On a cold, overcast Tuesday morning in February 1981, something caught the eye of a museum technician as he walked through the “We the People” exhibit on the second floor of the Smithsonian National Museum of American History: The silver pen of President McKinley’s Secretary of State John Hay was missing. The 7 ¼-inch Parker Jointless pen had been used to sign the 1898 Treaty of Paris, ending the Spanish-American War.
But now, to the technician’s horror, its case was empty -- and there were more alarming discoveries to come.
In June 1981, Black Deaf leaders gathered in Washington to sew the seeds of an organization that would have a profound impact on the Black Deaf community. After centuries of exclusion in both Black and Deaf spaces, organizers came together to make a space of their own. With goals to educate, empower, and strengthen the community, this conference led a call for Black inclusion and leadership in Deaf organizations locally and nationally.
The Tivoli Theater's grand opening in 1924 was heralded by a grand parade and a carnival which attracted hundreds of Washingtonian's to the Golden Age movie theater. Yet, just over 50 years later, the Tivoli had its windows bolted up and doors closed, no longer the shining light in the Columbia Heights neighborhood. What followed afterwards was a dramatic decades-long fight over the fate of the Tivoli, bringing up questions surrounding urban renewal and the future of the neighborhood, which had suffered greatly after the 1968 riots following the assassination of Dr. Martin Luther King, Jr.
The 1970s and 1980s saw increased Latin American immigration to the United States, and to D.C. in particular. At the time, there was limited access to Latin American performing arts, something that Rebecca Read and Hugo Medrano sought to fix when they founded Grupo de Latinoamericanos Artistes (GALA) in 1976. They never expected, though, that GALA would take off and eventually become the National Center for the Latino Performing Arts. Their journey to becoming cultural icons in D.C. also coincided with the changing Latin American community in the District.
In addition to tours of the Great Wall and the Ming Tombs, former D.C. mayor Marion Barry’s trip to China in May 1984 involved talks with Beijing mayor Chen Xitong about constructing a symbol of the friendship between the two capital cities in the form of an archway in D.C.’s Chinatown.
Against the backdrop of the city, Gallaudet University students, faculty, and alumni transformed their campus protest into a national fight for civil rights, refusing to accept anything less than a “Deaf President Now.”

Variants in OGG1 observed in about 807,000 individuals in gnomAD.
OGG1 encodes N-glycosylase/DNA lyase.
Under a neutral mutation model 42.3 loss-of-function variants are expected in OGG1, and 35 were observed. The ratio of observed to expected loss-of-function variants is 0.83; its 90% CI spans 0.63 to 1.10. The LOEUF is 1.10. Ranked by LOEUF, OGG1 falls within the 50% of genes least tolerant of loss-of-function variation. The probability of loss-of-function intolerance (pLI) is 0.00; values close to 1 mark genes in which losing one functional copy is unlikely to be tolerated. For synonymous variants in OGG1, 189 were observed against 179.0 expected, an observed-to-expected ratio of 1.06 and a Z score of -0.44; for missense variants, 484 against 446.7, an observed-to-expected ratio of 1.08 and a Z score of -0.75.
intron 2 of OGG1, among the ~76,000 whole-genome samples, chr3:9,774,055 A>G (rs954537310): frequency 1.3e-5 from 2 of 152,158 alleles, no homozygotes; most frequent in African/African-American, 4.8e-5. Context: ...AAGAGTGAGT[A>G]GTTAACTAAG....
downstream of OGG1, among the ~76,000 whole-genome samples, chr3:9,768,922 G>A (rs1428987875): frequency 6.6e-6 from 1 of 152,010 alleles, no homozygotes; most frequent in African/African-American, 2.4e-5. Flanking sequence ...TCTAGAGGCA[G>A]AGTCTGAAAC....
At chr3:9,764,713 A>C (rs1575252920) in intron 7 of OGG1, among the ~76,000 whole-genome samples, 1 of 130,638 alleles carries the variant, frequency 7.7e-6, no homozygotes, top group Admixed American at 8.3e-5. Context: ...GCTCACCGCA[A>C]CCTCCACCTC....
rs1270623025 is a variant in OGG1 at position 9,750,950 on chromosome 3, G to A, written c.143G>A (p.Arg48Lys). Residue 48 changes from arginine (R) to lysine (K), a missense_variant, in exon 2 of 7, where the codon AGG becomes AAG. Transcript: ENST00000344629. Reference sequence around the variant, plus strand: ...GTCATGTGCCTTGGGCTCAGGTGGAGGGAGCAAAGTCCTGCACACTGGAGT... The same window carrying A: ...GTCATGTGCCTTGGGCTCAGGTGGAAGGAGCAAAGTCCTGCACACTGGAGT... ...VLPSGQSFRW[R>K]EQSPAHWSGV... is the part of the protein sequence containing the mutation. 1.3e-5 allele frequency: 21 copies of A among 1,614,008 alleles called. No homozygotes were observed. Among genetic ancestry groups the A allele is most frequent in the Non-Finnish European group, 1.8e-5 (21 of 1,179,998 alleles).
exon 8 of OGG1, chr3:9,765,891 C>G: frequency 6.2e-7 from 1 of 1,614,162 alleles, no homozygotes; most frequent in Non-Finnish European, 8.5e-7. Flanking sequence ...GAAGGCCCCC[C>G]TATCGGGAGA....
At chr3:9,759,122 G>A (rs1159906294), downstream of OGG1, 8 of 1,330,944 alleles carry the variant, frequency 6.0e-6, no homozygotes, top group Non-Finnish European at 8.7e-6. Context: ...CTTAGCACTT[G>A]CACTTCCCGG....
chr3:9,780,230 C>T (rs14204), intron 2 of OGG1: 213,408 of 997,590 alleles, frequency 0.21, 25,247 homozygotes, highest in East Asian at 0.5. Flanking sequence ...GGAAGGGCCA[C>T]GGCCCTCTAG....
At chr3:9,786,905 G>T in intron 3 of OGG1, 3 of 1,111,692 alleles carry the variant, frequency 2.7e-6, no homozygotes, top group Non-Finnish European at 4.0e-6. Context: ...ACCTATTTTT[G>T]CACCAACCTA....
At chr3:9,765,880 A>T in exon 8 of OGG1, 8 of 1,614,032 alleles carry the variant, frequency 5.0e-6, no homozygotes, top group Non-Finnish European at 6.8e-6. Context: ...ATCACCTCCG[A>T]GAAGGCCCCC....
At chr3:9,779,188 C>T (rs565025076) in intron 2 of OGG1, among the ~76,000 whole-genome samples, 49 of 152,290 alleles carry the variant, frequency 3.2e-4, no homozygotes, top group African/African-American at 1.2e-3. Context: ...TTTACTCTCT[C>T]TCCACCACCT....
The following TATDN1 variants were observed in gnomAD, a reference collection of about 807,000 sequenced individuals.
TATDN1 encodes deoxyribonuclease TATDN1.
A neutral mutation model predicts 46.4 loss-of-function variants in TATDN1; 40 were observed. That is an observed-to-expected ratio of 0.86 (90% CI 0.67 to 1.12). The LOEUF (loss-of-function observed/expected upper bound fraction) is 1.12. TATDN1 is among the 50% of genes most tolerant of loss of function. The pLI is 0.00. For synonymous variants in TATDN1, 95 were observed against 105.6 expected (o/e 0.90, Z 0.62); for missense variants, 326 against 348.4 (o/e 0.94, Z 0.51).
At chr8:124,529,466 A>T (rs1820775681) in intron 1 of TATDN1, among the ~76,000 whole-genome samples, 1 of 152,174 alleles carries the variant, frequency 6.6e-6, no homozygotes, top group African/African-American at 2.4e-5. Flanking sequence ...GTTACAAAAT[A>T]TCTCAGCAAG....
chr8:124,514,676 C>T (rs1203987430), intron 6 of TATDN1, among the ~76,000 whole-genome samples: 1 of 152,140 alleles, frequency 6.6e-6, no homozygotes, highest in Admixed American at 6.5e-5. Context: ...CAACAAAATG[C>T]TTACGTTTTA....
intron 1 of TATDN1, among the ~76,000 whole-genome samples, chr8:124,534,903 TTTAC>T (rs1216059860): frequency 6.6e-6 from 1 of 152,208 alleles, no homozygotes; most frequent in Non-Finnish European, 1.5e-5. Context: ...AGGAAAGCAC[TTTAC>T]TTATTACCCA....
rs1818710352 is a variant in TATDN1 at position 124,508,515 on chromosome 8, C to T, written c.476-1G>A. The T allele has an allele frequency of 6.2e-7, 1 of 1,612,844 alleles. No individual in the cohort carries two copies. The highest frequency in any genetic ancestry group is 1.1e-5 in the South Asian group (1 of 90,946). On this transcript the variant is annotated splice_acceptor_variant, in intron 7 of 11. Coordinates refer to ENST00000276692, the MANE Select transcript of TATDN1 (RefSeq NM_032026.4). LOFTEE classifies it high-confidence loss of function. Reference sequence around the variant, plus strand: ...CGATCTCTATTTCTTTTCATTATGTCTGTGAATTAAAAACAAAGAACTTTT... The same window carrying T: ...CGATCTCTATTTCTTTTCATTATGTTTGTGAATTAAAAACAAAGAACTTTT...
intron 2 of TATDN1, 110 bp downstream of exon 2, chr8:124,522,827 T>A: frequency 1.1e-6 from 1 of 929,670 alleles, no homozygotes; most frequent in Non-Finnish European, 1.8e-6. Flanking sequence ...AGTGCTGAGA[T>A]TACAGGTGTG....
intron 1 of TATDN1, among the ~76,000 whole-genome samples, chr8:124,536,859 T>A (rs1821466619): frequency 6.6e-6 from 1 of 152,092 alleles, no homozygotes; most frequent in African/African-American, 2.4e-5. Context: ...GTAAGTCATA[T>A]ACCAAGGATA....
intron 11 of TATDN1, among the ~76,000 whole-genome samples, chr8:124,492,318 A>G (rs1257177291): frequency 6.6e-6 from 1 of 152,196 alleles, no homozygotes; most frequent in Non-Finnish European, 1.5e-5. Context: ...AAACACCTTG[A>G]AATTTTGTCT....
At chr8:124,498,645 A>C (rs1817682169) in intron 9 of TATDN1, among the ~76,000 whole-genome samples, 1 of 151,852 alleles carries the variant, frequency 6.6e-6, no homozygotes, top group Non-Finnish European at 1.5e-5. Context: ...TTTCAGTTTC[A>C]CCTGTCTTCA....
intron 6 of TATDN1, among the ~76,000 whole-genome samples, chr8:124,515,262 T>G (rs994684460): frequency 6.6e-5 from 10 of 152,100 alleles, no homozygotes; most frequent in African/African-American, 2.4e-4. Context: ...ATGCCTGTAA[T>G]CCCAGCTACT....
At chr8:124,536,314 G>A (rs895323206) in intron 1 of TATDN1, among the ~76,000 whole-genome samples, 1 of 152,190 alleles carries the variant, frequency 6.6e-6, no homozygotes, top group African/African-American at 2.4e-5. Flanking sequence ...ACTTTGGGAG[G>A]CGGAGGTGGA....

When Julius Hobson ran for the District Delegate seat under the banner of the new Statehood Party in 1971, his proposal to secure democracy in the nation’s capital was very similar to today’s H.R. 51. However, this now mainstream policy was a fringe idea for much of the past fifty years.
In December of 1986, parents were rushing to the stores to snatch a Cabbage Patch Kid, G.I. Joe or Teddy Ruxpin off the shelf before they were all gone. That same month, the generosity of a local benefactor was a touching reminder of what the holiday season is really about. On Dec. 21, 1986, Robert Alfandre welcomed 30 people infected with AIDS into his home in northwest Washington for a Christmas party.
“I personally want to try and change the stereotype of what somebody in a wheelchair is like… I want to be judged not on my disabilities but on my abilities. I think people get frightened by the wheelchair… It’s a powerful visual symbol, but it’s not a symbol of defeat. It’s a tool I use to help me accomplish my goals. Just by climbing into the wheelchair, I don’t have to surrender my sexuality, my sensuality, my good sense of humor, or anything," said Kit Kamien, a Bethesda musician who was diagnosed with multiple sclerosis at the age of 26, to The Washington Post in 1987.
A mafioso walks into a restaurant in D.C. — and sets up an international crime syndicate in the FBI's backyard. Two arsons, a faked murder, and hundreds of thousands of dollars-worth of cocaine later, the FBI got their man.